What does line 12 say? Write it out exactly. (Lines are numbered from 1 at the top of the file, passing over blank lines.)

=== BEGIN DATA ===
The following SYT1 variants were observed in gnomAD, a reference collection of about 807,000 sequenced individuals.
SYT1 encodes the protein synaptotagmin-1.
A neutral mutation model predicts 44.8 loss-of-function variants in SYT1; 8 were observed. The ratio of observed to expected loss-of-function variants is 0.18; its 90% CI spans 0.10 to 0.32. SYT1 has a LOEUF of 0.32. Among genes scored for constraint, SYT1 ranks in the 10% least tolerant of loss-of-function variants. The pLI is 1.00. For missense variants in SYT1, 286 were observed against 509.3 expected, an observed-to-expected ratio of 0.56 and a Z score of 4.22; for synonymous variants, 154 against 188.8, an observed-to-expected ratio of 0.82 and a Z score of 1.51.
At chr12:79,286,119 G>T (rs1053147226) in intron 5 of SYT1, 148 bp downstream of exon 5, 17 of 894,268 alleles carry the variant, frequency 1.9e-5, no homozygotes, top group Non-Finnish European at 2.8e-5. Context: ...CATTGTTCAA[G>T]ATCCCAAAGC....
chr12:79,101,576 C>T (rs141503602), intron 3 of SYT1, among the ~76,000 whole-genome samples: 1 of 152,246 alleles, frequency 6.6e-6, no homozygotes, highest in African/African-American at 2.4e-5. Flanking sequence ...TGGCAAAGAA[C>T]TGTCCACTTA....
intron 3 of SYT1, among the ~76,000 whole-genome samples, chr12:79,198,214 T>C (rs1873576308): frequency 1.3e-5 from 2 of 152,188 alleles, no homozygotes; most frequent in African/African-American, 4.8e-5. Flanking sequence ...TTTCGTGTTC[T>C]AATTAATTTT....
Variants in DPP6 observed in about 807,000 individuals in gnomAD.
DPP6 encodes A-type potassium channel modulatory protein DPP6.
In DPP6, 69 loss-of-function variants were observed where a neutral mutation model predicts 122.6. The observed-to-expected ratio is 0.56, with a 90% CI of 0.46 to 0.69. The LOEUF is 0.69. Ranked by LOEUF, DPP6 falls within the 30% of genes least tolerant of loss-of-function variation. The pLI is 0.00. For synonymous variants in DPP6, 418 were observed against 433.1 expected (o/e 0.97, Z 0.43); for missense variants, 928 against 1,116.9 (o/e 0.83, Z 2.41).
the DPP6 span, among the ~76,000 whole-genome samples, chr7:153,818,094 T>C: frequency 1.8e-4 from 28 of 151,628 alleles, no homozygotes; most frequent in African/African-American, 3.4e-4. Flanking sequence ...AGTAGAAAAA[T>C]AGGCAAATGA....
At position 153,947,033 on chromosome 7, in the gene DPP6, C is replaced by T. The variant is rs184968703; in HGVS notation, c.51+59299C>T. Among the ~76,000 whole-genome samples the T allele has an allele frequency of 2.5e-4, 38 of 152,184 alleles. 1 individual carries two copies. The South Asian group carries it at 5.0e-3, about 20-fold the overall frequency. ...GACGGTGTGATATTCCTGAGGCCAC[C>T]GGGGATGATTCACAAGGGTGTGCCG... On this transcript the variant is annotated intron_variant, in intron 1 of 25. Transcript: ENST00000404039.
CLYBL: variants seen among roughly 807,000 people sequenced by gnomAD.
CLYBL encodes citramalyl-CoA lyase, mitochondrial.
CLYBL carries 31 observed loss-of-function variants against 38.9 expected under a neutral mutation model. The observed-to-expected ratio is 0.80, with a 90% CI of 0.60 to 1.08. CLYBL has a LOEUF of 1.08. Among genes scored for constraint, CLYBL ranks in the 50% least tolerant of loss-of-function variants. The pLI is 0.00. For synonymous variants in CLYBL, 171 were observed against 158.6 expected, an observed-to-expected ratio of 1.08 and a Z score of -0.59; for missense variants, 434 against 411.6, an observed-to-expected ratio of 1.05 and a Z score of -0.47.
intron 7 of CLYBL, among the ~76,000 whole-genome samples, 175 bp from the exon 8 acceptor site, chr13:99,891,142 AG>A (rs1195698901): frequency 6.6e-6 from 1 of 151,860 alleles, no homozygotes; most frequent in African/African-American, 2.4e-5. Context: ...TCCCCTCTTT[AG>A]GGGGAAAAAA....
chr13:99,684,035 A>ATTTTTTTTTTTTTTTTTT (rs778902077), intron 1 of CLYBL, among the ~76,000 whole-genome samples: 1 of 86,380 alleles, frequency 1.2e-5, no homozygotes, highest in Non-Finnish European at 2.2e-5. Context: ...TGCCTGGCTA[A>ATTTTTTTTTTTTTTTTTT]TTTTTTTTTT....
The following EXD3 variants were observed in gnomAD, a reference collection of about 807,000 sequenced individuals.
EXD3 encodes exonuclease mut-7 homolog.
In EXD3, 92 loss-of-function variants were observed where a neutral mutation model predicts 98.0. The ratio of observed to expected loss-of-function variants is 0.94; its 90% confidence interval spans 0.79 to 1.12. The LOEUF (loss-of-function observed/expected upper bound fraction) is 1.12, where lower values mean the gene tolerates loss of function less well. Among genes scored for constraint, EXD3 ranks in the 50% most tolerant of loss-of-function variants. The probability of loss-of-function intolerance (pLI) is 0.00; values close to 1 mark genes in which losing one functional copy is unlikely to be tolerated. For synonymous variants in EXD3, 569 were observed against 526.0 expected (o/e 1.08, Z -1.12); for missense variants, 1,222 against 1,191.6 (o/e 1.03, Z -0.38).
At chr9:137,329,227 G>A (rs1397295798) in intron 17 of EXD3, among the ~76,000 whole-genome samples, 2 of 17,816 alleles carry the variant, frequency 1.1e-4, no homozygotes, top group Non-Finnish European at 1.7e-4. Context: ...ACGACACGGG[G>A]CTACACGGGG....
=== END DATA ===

CLYBL: variants seen among roughly 807,000 people sequenced by gnomAD.